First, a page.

Novel Interpretation of WWI Armenian Deportations

Prof. Eberhard Demm, Hürriyet, 30 November 2009

This ‘new description’ [of the Genocide of Armenians] is a crashing misnomer. There’s nothing new in Prof. Eberhard Demm’s piece. The retired German professor has compiled half-a-dozen of the more blatant and traditional falsehoods and distortions of what happened in 1915 and has served them as new scholarly research.

This new name to genocide studies also inadvertently sabotages his questionable thesis by the frequent use of qualifiers–"many such cases", "in several places", "could", "probable", "sometimes", "some of the more radical Young Turks", [An Armenian Fifth Column] "seemed very real", "a few isolated", "in some Turkish villages"…

Herr Demm unintentionally reveals that he is no scholar either: after all, in his own words he admits: "I had in vain through Turkish diplomatic channels, suggested such a step to the Turkish authorities, in order to ward off the forthcoming Armenian resolution by the German Bundestag, but the time was not yet ripe." Historian or Turkish diplomatic agent? You decide.

Finally, it will come as news to all historians of the period that Jemal Pasha, a member of the murderous Young Turk triumvirate, had opposed the deportations of Armenians and had saved hundreds of thousands of Armenians.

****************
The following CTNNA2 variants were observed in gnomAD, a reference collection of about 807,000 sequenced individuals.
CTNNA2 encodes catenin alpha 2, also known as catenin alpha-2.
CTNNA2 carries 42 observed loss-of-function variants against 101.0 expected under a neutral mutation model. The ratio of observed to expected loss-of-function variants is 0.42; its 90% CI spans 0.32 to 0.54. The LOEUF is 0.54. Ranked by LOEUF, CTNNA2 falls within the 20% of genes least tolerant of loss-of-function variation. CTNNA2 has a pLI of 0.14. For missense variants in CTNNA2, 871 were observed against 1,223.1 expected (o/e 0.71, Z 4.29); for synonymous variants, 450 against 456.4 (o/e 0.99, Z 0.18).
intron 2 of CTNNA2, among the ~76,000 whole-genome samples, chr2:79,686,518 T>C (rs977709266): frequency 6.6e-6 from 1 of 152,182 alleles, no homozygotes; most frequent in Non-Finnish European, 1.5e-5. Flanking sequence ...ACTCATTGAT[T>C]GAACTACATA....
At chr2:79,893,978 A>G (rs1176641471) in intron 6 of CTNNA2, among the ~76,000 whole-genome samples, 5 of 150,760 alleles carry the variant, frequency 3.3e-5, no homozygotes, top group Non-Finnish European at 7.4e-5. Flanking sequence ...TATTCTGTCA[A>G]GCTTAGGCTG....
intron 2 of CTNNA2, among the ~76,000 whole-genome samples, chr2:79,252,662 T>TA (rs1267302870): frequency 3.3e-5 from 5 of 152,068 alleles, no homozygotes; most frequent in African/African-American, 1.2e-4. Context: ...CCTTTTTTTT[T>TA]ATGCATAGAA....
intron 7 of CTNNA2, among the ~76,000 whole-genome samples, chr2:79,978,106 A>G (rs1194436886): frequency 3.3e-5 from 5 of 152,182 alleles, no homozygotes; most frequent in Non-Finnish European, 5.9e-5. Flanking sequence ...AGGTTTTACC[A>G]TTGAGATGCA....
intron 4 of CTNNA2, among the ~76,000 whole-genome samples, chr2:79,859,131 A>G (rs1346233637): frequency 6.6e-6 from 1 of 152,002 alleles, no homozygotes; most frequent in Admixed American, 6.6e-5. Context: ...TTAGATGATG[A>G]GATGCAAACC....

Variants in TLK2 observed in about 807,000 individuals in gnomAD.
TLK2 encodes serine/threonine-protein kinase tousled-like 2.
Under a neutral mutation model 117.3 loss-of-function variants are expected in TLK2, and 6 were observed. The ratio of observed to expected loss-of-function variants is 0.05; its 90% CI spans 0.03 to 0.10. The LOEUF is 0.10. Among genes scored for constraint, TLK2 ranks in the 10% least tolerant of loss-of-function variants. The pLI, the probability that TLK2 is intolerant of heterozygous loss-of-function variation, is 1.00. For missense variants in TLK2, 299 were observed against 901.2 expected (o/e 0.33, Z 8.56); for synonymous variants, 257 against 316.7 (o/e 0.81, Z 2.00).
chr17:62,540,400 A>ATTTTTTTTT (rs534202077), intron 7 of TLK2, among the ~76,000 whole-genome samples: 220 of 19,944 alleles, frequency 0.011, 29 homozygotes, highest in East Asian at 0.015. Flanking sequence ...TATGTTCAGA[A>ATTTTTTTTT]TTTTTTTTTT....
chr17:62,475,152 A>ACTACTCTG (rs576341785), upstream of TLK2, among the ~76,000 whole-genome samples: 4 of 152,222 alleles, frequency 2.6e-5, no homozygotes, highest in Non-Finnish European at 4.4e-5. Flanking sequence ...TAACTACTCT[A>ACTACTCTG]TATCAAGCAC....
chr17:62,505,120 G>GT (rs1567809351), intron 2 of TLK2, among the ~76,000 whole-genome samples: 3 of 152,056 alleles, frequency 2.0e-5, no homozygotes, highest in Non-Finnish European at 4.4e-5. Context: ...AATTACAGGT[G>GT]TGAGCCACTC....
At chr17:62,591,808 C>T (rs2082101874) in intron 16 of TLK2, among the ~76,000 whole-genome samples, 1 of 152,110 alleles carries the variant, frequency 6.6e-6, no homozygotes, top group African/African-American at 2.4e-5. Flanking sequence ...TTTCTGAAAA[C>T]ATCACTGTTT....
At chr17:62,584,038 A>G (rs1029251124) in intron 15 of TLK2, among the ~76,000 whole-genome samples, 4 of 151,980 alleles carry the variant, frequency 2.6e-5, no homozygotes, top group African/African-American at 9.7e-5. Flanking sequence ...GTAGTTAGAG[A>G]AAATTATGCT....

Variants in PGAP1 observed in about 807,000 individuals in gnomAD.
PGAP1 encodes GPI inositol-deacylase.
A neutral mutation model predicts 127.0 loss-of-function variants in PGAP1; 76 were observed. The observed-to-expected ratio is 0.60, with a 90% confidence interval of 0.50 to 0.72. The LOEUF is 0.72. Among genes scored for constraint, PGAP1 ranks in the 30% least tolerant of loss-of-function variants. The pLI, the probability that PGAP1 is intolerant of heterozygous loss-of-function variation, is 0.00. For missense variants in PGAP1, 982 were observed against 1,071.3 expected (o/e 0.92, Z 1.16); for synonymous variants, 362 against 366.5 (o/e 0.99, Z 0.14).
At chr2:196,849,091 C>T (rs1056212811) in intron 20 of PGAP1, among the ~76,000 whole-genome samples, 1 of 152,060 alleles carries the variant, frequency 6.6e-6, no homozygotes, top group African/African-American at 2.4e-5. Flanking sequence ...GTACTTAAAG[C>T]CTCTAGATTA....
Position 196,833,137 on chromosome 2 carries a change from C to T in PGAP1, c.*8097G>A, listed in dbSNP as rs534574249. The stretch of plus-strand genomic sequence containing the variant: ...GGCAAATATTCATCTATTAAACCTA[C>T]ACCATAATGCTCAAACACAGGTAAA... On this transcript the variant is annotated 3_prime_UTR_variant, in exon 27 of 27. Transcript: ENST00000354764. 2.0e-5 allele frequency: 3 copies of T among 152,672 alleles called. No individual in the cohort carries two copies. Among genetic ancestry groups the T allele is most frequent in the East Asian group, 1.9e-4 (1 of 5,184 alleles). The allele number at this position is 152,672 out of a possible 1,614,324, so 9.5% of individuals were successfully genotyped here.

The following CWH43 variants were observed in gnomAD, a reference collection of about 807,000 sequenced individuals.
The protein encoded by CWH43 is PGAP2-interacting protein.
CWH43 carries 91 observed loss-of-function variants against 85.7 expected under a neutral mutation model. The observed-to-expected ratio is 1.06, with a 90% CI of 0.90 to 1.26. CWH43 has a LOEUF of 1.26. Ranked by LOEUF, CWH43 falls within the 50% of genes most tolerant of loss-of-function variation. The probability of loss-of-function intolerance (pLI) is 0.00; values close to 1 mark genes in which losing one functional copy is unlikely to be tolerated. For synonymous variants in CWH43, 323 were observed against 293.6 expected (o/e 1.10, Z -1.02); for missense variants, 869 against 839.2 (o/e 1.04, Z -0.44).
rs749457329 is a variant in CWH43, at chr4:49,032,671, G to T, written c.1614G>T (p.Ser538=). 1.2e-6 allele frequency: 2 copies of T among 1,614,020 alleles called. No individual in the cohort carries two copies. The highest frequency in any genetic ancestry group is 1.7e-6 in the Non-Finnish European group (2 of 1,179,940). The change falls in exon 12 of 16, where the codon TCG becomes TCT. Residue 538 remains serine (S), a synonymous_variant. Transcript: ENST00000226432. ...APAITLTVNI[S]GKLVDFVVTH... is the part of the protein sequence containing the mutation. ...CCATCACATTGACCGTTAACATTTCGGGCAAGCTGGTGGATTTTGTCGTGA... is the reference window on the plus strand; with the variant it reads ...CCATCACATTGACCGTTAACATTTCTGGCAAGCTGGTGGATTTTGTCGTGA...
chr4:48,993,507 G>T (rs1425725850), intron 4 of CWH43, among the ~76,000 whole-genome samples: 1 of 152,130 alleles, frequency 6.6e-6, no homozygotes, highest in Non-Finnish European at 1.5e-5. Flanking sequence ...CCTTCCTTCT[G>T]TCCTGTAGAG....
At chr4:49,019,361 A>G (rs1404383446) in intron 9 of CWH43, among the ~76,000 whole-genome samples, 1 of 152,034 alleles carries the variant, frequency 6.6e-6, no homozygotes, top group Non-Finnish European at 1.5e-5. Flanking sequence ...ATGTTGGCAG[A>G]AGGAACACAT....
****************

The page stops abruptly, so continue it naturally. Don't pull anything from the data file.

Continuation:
Prof. Eberhard Demm, Hürriyet, 30 November 2009

This ‘new description’ [of the Genocide of Armenians] is a crashing misnomer. There’s nothing new in Prof. Eberhard Demm’s piece. The retired German professor has compiled half-a-dozen of the more blatant and traditional falsehoods and distortions of what happened in 1915 and has served them as new scholarly research.

This new name to genocide studies also inadvertently sabotages his questionable thesis by the frequent use of qualifiers–"many such cases", "in several places", "could", "probable", "sometimes", "some of the more radical Young Turks", [An Armenian Fifth Column] "seemed very real", "a few isolated", "in some Turkish villages"…

Herr Demm unintentionally reveals that he is no scholar either: after all, in his own words he admits: "I had in vain through Turkish diplomatic channels, suggested such a step to the Turkish authorities, in order to ward off the forthcoming Armenian resolution by the German Bundestag, but the time was not yet ripe." Historian or Turkish diplomatic agent? You decide.

Finally, it will come as news to all historians of the period that Jemal Pasha, a member of the murderous Young Turk triumvirate, had opposed the deportations of Armenians and had saved hundreds of thousands of Armenians.

 
During World War II, some 5 to 6 million Jews were murdered to destroy them as an ethnic group – the paradigm case of genocide. Now imagine for a moment that the Nazis had spared three categories of people: Jews willing to be baptized, pretty women in order to marry them and children to be brought up as “Aryans” in German families.